The new Rancher features a similar
frame and body design as the larger Rubicon and Foreman. The 420cc
engine has no problem moving this
bigger chassis around, and the whole
machine is much more stable if ridden
Power to this machine is provided by
a liquid-cooled, OHV, electronically
fuel-injected mill. The transmission on
this model can be used in either auto
mode or by pushing buttons by your
left thumb to go through the five gears.
Honda also made the reverse actuation
lever easier to operate this year.
on if you want the IRS model or solid-axle version. The solid-axle version
is built more as a workhorse and has
slightly less wheel travel at both ends.
In the back you will find 6. 7 inches of
travel through a single shock, and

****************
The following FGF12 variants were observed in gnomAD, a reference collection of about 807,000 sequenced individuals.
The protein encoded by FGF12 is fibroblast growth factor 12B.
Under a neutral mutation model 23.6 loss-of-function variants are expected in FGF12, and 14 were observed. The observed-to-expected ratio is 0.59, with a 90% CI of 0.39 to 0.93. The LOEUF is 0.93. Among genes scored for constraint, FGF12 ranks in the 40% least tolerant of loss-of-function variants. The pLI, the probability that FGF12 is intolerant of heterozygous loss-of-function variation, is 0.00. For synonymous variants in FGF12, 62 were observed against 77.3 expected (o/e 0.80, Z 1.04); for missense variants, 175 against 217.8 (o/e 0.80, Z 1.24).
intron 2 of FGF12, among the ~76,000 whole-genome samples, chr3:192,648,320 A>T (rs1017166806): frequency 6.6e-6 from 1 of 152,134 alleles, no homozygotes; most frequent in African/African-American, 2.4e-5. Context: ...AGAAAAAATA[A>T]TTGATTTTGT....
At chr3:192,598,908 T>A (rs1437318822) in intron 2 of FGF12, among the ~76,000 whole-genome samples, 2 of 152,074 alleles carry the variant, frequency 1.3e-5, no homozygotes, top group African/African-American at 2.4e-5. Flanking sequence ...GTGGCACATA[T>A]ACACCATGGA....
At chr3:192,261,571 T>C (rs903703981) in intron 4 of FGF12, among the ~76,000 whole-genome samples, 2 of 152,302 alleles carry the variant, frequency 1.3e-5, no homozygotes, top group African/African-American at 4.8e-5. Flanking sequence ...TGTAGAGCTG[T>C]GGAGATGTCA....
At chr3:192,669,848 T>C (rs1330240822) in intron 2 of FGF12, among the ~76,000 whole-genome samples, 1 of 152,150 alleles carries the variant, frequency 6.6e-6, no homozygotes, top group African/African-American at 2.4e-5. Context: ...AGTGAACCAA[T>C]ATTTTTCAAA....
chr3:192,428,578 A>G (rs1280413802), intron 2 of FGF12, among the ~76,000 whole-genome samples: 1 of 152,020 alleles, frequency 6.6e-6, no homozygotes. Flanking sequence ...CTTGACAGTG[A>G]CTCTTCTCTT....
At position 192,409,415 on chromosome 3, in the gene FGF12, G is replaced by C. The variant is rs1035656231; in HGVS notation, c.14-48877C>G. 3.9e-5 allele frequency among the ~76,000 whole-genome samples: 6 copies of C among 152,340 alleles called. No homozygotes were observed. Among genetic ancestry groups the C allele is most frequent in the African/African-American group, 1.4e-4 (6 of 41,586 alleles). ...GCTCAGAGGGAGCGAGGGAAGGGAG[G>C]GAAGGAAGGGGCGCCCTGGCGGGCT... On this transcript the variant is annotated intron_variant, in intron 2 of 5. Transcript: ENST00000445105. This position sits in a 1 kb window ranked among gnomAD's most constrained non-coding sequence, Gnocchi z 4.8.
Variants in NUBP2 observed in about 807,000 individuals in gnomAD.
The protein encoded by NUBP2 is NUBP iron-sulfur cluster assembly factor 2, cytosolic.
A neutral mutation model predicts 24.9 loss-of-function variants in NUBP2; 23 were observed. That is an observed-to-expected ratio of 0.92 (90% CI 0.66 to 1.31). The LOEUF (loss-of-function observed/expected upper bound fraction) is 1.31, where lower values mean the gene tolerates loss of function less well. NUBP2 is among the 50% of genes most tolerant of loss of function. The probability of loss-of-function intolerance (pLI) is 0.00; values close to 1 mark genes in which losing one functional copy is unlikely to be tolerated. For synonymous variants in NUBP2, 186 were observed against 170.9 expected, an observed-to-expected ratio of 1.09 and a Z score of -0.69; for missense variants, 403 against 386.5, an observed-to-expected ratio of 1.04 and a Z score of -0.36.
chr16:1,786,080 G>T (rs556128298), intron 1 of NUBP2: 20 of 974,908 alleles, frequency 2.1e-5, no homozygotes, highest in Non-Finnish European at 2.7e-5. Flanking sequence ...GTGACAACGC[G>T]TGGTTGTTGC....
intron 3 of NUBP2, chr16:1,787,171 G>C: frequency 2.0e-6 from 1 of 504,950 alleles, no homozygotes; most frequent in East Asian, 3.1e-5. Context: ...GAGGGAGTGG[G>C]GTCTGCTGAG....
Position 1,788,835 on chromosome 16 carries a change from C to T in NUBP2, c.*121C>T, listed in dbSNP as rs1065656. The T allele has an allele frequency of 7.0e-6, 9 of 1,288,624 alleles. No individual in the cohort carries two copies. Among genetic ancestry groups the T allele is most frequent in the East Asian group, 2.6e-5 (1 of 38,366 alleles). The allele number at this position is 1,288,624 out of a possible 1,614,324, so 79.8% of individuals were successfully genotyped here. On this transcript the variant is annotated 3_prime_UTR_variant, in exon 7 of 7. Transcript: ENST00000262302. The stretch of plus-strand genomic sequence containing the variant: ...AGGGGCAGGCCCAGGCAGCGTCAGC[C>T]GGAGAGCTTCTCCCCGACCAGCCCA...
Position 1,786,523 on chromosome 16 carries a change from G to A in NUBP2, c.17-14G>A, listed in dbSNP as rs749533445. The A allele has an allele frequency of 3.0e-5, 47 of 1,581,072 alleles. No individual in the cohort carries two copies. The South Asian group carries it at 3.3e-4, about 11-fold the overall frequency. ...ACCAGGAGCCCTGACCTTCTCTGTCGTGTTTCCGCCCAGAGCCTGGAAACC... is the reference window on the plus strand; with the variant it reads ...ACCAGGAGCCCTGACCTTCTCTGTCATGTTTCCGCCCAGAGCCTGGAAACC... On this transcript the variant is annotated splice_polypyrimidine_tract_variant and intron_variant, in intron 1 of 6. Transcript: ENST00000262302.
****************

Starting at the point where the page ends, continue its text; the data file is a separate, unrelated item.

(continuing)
up front the dual-A-arm setup also
moves 6. 7 inches. Ground clearance
on this unit measures 7. 2 inches.
The IRS version uses two sepa-
rate shocks out back moving 8.5-inch
A-arms. The front A-arms travel
7. 3 inches. The shocks are preload
adjustable only. The IRS version was
a blast to ride on the trails no matter
how rutted, thanks to ground-clear-
ance measurements of 9. 2 inches.
It’s comfortable and easy to thread
between trees and over rocks. The
new chassis and bodywork make the
Rancher about 1.5 inches wider and
2 inches longer, which makes it more
but is no slouch, either. It has torque
to rock crawl or dice in and out of the
woods with ease. Honda recalibrated
the shift points of the automatic trans-
mission, and it now learns your riding
style so it shifts much better. Unlike
before, it doesn’t downshift prema-
turely or wander between gears in
auto mode. We do prefer running
in manual electronic shift program-
ming (ESP) mode when we are riding
aggressively still. Auto mode does a
perfect job the rest of the time.
Two different suspension setups are
used on the Rancher line depending